• Derailment in Paulsboro

  • Pertaining to all railroading subjects, past and present, in New Jersey
Pertaining to all railroading subjects, past and present, in New Jersey

Moderator: David

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  by Freddy
 
scotty269 wrote:Some comments from "unnamed" sources - http://www.philly.com/philly/news/break ... lment.html
Interesting write-up and more detailed than I expected. I was a bridgetender from Jan.75 till Nov.76 on the same type of brodge in Florida after I got rolled of the section in Waverly Ga.
On top are 'lift rails', 2 on each end of course, that lift up. Down below are what's called 'wedges' , 2 on each end, that have to withdraw in order for the span to basically unlock and then
turn. To lock back in place it's basically like this; Span turns back from open position to closed. Down below the 'wedges' are motor driven into their 'seats'. After that, up top, the 'lift rails'
are motor driven down into their 'seats'. After all that the signal circuit controller is closed which should then give a Green signal if everything has worked correctly. The wedges keep the span
from shifting and in place. The only inspection a conductor can do is to look at the 'lift rails' up top and make sure their down and in place. There's no way anybody can see what position the
wedges are in unless their under the span to physically see the wedges.
  by CarterB
 
So basically the A frame bridge gave the CSA train a 'wedgy'!!!
  by wolfboy8171981
 
The truth is slowly coming out. This bridge has been automated since around 2001. There are no indications in the dispatcher office for this bridge, Bridgeport, and Darby. In 2009 a bridge supoport on the fixed span collapsed. But even before then a train encountering a stop siginal at a closed bridge was a common occurance.

Rule 241 (d)
Stopped at a Signal Protecting Moveable Bridge
Under the following conditions, a qualified employee must determine that the rails are properly lined and
the bridge is safe for movement before verbal permission is given to pass the signal:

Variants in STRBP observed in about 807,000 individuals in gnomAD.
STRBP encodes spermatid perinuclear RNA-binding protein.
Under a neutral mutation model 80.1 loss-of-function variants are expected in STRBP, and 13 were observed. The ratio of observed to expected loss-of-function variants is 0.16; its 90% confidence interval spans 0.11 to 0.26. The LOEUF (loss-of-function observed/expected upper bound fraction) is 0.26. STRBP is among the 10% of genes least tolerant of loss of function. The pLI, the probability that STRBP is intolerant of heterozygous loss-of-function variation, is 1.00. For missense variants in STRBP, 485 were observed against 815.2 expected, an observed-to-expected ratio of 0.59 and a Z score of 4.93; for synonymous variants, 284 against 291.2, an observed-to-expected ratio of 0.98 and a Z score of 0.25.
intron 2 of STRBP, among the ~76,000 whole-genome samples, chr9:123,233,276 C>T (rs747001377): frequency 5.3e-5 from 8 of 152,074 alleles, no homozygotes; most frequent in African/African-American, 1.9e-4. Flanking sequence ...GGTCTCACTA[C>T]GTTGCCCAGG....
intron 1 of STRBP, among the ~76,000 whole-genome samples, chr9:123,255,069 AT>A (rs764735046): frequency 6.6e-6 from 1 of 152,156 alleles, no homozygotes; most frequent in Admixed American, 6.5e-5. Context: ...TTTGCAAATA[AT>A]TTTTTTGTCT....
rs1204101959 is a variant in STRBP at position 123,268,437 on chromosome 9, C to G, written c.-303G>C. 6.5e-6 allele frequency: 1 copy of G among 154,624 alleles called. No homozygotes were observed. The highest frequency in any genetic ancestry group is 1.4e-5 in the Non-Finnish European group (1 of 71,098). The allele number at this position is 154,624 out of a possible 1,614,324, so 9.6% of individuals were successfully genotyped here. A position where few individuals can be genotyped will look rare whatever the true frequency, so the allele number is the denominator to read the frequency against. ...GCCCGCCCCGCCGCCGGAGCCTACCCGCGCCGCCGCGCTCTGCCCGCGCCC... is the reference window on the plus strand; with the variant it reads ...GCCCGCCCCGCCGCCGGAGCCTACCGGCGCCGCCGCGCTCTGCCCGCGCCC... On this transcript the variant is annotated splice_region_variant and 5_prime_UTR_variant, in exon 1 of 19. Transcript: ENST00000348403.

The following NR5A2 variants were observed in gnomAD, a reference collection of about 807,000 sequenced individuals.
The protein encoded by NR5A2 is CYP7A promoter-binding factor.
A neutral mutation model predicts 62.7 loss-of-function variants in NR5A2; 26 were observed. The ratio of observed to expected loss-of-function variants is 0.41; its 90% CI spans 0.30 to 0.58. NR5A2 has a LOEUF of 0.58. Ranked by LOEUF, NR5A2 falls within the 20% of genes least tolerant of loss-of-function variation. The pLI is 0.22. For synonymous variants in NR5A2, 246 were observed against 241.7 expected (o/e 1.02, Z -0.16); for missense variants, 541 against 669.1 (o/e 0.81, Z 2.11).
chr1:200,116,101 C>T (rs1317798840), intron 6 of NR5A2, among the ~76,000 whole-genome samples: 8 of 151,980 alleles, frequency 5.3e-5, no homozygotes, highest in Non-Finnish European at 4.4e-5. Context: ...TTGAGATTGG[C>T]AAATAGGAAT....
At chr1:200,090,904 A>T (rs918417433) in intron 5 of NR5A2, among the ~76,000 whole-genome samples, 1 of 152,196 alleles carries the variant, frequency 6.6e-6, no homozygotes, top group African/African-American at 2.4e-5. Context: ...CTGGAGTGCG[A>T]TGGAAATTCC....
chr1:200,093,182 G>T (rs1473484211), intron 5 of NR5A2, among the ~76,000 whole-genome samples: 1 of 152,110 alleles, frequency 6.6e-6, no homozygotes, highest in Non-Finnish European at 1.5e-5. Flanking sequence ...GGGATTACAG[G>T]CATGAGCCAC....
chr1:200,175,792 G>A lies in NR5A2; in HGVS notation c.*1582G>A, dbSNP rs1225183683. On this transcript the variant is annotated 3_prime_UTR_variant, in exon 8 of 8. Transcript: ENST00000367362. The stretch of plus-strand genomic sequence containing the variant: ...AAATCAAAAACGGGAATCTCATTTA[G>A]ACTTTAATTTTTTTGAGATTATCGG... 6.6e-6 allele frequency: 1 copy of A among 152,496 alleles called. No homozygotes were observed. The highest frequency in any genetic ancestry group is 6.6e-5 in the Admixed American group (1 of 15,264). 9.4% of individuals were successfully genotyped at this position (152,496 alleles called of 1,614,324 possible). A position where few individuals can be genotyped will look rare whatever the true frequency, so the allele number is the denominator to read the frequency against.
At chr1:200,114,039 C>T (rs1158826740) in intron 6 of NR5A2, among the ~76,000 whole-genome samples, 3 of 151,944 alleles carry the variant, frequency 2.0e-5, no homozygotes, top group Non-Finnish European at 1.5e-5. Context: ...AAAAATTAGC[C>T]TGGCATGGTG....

1. When the signal cannot be displayed for the first movement over a bridge after the bridge has been
closed, regardless of bridge lock indication.
OR
2. At any time a bridge unlock indication is received.

For the last 11 years the carrier insisted that a conductor was a qualified employee.
  by Quinn
 
CPSK wrote:Who is the owner / maintainer of this bridge?

CP
Conrail, apparently.
  by charlie6017
 
Article states that Conrail has saved $100,000 a year since "automating" the bridge. Think this derailment
and clean-up will wipe out any money saved since then!

Charlie
  by Freddy
 
wolfboy8171981 wrote:The truth is slowly coming out. This bridge has been automated since around 2001. There are no indications in the dispatcher office for this bridge, Bridgeport, and Darby. In 2009 a bridge supoport on the fixed span collapsed. But even before then a train encountering a stop siginal at a closed bridge was a common occurance.

Rule 241 (d)
Stopped at a Signal Protecting Moveable Bridge
Under the following conditions, a qualified employee must determine that the rails are properly lined and
the bridge is safe for movement before verbal permission is given to pass the signal:
1. When the signal cannot be displayed for the first movement over a bridge after the bridge has been
closed, regardless of bridge lock indication.
OR
2. At any time a bridge unlock indication is received.

For the last 11 years the carrier insisted that a conductor was a qualified employee.
The bridge I was on was manned from 6am till 10pm. The timetable said that outside normal hours of operation bridge would be lined for rail movement and crews encountering a red signal
would make a walking inspection to make sure the lift rails were in proper position before calling the dispatcher for permission to proceed.
  by Freddy
 
I'll add this. In the 14 years I was in the track departments of CSX and the former SCL and had ocassions to be with my Roadmaster and both state and federal track inspectors I never once in
all those years see them inspect either a wooden trestle or steel bridge span. In the subsequent years,as a signal maintainer, I would follow behind, in my hy-rail, either the roadmaster or
section foreman with an FRA inspector and never saw an inspection of a bridge structure of any type. I'm talking about the states of Florida,Georgia and Alabama.
  by Quinn
 
charlie6017 wrote:Article states that Conrail has saved $100,000 a year since "automating" the bridge. Think this derailment
and clean-up will wipe out any money saved since then!
My thoughts exact;y when I came across that!
  by Ken W2KB
 
Quinn wrote:
charlie6017 wrote:Article states that Conrail has saved $100,000 a year since "automating" the bridge. Think this derailment
and clean-up will wipe out any money saved since then!
My thoughts exact;y when I came across that!